Babylon & Beyond

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MIDDLE EAST: Al Qaeda as petty, pencil-pushing penny pinchers

April 16, 2008 |  9:27 am


A spate of articles in the Los Angeles Times chronicled the recent activities of the Al Qaeda network, which continues to be an unsettling force in the region.

A report in today's paper by Sebastian Rotella takes a look at Al Qaeda's lighter side. Recently declassified documents reveal inner workings of the group.

Turns out Al Qaeda operates a lot more like the dysfunctional firm in the television show "The Office" than the slick bands of bad guys in a James Bond movie.

Here's the text from one memo sent by an Al Qaeda manager to a disobedient subordinate:

I was very upset by what you did. I obtained 75,000 rupees for you and your family's trip to Egypt. I learned that you did not submit the voucher to the accountant, and that you made reservations for 40,000 rupees and kept the remainder claiming you have a right to do so. . . . Also with respect to the air-conditioning unit, . . . furniture used by brothers in Al Qaeda is not considered private property. . . . I would like to remind you and myself of the punishment for any violation.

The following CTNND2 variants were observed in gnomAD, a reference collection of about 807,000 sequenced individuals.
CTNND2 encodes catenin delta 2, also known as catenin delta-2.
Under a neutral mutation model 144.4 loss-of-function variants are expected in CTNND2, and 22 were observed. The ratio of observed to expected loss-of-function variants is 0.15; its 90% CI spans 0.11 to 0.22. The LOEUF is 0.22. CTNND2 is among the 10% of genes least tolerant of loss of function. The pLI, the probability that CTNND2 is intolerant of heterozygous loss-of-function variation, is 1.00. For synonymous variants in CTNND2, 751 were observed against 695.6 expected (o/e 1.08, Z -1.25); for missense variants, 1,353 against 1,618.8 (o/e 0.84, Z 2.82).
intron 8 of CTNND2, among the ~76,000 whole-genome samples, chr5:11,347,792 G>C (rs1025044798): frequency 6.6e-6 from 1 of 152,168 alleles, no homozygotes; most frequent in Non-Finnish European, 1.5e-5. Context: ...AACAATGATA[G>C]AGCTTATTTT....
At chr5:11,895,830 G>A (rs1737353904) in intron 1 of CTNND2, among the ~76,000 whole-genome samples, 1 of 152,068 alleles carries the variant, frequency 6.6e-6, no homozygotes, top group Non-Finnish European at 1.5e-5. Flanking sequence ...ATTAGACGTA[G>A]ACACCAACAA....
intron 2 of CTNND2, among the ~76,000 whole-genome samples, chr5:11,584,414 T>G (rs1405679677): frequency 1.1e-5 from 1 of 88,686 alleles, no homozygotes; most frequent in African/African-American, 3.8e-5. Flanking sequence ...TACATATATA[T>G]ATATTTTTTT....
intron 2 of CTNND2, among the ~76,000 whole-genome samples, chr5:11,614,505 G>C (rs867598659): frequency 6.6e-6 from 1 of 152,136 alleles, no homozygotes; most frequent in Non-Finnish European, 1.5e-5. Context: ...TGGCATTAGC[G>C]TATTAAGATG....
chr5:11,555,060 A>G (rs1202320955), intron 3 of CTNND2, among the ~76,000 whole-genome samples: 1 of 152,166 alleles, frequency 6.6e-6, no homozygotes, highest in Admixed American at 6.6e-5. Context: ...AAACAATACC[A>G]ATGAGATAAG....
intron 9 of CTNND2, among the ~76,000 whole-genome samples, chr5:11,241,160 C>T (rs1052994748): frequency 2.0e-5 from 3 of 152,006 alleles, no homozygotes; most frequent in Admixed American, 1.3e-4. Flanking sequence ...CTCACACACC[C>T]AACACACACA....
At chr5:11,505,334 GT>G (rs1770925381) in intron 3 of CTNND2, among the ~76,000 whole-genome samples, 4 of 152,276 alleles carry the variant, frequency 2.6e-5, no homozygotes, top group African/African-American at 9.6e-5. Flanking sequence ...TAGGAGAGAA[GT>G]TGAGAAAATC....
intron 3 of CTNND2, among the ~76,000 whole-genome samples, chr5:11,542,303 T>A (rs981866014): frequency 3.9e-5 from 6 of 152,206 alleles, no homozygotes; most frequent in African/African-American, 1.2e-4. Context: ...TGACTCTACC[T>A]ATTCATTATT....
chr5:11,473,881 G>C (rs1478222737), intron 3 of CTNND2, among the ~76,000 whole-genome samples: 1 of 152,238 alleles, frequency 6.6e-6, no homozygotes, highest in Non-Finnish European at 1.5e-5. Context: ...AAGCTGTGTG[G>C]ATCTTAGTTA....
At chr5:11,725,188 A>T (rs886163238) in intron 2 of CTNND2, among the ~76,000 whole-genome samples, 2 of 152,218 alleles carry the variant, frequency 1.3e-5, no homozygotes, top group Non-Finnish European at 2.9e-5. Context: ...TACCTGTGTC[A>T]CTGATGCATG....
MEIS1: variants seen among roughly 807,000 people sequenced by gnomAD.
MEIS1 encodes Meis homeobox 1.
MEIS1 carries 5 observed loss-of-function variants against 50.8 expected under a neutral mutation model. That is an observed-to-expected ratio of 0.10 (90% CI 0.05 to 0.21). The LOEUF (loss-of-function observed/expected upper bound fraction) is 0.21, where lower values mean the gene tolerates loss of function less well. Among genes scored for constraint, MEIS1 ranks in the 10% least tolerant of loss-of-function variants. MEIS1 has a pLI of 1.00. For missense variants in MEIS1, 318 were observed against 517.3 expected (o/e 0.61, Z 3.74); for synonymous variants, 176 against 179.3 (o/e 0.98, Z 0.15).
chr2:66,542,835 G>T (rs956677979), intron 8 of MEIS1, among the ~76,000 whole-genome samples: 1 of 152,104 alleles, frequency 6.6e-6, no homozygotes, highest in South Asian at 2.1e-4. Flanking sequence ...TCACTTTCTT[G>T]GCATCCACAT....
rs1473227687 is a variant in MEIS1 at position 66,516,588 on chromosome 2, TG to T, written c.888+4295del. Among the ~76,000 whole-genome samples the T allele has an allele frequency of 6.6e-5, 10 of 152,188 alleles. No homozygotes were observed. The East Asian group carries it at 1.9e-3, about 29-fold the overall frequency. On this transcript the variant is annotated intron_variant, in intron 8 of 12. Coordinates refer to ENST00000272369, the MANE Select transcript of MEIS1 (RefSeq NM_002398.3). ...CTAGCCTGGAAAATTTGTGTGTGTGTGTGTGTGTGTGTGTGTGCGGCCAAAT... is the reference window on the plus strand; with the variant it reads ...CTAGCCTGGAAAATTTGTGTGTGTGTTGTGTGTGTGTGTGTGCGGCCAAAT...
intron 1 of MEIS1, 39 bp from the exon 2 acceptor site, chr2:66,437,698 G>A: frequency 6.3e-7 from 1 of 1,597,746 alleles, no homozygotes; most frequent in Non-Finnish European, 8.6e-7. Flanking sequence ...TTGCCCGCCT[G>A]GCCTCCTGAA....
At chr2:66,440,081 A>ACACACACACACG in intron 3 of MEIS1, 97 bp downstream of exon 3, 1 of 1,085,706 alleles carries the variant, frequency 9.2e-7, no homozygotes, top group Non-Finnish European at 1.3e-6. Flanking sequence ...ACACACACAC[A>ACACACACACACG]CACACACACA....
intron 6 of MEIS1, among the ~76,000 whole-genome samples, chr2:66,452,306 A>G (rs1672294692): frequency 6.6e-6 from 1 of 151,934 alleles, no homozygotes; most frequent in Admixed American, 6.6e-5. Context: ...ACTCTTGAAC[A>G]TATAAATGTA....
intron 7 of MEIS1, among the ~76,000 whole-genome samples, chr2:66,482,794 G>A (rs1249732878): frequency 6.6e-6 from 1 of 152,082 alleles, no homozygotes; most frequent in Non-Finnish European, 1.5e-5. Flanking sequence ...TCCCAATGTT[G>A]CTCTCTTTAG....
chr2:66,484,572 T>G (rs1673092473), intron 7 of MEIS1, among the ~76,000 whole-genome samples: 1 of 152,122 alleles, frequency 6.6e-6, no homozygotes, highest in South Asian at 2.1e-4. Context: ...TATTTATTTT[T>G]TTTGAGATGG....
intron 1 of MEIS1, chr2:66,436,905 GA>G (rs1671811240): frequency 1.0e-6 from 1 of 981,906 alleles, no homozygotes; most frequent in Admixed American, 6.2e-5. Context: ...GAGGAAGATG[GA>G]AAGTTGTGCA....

Click here to the read the whole story.

—Times staff writer

Photo: Mohammed Atef, left, sits with Osama bin Laden, right, and Bin Laden's son Mohammed in early 2001. Documents show Al Qaeda's obsession with paperwork. Credit: AFP